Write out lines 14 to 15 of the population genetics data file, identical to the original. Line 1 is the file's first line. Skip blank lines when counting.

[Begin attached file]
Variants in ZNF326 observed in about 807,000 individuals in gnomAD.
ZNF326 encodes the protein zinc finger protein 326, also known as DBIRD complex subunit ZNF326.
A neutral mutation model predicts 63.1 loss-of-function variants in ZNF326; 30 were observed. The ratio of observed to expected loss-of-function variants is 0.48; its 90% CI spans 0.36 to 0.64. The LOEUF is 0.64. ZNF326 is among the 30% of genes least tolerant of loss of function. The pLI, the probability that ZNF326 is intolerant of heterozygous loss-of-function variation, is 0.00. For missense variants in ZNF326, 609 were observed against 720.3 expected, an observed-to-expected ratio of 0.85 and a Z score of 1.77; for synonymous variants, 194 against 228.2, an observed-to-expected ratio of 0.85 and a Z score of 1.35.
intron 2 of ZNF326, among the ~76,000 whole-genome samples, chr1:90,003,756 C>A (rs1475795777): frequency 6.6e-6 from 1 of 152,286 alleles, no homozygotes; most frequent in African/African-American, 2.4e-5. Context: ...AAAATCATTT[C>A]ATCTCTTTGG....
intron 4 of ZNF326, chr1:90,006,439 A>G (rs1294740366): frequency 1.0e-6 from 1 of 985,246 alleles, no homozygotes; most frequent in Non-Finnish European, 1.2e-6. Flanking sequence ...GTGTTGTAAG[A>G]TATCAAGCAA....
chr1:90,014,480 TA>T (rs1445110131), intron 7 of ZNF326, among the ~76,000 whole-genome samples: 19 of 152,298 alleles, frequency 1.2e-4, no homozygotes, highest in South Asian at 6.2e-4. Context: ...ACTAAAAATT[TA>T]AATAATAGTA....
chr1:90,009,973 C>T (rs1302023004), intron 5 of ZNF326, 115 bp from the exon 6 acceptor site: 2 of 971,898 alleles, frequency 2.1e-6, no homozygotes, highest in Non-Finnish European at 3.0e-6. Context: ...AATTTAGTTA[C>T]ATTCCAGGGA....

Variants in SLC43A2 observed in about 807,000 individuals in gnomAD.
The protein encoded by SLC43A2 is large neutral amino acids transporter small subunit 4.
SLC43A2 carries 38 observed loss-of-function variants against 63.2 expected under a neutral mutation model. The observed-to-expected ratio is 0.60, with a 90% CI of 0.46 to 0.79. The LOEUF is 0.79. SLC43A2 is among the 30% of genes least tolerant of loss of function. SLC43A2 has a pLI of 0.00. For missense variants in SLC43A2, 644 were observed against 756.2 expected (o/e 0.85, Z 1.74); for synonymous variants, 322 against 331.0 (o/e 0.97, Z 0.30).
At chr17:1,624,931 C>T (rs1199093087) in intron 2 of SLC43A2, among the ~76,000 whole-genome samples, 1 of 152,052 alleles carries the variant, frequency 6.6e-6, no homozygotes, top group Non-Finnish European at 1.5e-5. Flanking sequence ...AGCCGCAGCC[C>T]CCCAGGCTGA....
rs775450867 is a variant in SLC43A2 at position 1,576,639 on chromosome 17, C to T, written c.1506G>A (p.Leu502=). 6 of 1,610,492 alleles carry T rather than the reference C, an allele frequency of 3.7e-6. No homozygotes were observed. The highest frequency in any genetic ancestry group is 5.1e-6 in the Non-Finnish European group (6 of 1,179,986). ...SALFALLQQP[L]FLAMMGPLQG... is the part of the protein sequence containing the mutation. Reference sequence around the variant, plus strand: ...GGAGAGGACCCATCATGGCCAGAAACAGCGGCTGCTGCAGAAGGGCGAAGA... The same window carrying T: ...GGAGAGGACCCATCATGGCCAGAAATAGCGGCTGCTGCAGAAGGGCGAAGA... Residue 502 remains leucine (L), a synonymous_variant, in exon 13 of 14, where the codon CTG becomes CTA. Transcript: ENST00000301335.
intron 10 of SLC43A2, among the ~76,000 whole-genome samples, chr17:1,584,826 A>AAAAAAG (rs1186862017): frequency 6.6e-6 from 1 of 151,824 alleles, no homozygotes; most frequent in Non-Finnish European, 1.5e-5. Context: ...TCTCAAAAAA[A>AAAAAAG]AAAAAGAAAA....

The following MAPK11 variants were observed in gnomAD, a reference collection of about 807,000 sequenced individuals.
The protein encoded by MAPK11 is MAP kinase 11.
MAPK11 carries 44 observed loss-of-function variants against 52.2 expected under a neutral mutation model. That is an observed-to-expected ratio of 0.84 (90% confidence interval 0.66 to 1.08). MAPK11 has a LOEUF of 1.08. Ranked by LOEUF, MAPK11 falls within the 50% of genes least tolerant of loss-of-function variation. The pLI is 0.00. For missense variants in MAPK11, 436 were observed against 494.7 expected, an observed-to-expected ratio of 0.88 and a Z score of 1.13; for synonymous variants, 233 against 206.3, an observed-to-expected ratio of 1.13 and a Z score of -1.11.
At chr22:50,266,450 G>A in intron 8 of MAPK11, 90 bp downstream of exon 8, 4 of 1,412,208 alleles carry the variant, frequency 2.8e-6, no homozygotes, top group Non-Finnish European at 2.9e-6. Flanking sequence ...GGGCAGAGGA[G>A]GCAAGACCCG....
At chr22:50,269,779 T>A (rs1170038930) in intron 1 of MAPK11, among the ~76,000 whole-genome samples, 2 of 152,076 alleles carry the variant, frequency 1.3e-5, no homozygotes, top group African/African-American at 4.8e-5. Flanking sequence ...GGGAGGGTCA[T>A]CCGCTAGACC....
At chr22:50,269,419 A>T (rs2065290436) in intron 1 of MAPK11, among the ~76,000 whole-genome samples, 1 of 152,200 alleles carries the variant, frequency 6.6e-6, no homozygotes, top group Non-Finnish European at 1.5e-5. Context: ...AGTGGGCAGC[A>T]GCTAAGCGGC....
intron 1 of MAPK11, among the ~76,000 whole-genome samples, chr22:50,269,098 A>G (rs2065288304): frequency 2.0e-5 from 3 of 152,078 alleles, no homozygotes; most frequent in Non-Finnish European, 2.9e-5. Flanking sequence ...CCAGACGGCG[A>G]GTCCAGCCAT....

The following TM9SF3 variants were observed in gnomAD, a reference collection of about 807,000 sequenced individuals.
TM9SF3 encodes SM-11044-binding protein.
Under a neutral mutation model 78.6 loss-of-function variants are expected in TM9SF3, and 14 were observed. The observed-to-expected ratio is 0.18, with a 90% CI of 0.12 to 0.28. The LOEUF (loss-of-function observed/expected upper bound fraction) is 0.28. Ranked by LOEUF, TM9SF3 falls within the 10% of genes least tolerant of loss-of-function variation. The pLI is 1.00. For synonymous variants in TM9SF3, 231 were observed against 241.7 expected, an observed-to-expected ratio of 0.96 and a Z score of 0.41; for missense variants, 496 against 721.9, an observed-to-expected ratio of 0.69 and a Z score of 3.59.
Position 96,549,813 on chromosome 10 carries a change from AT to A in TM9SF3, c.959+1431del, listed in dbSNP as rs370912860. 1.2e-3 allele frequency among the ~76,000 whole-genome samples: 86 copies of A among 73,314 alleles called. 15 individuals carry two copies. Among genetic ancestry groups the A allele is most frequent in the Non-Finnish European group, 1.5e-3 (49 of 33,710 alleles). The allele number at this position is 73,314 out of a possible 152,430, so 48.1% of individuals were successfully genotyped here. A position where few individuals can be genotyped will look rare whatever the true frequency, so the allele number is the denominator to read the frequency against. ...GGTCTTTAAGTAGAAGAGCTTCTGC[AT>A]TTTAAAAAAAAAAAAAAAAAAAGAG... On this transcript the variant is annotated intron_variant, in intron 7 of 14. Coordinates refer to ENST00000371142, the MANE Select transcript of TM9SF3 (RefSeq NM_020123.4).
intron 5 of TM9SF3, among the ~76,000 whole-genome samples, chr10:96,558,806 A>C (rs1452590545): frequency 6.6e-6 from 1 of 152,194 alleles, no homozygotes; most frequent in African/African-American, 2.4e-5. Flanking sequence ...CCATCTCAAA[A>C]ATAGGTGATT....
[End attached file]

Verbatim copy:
The following MAPK11 variants were observed in gnomAD, a reference collection of about 807,000 sequenced individuals.
The protein encoded by MAPK11 is MAP kinase 11.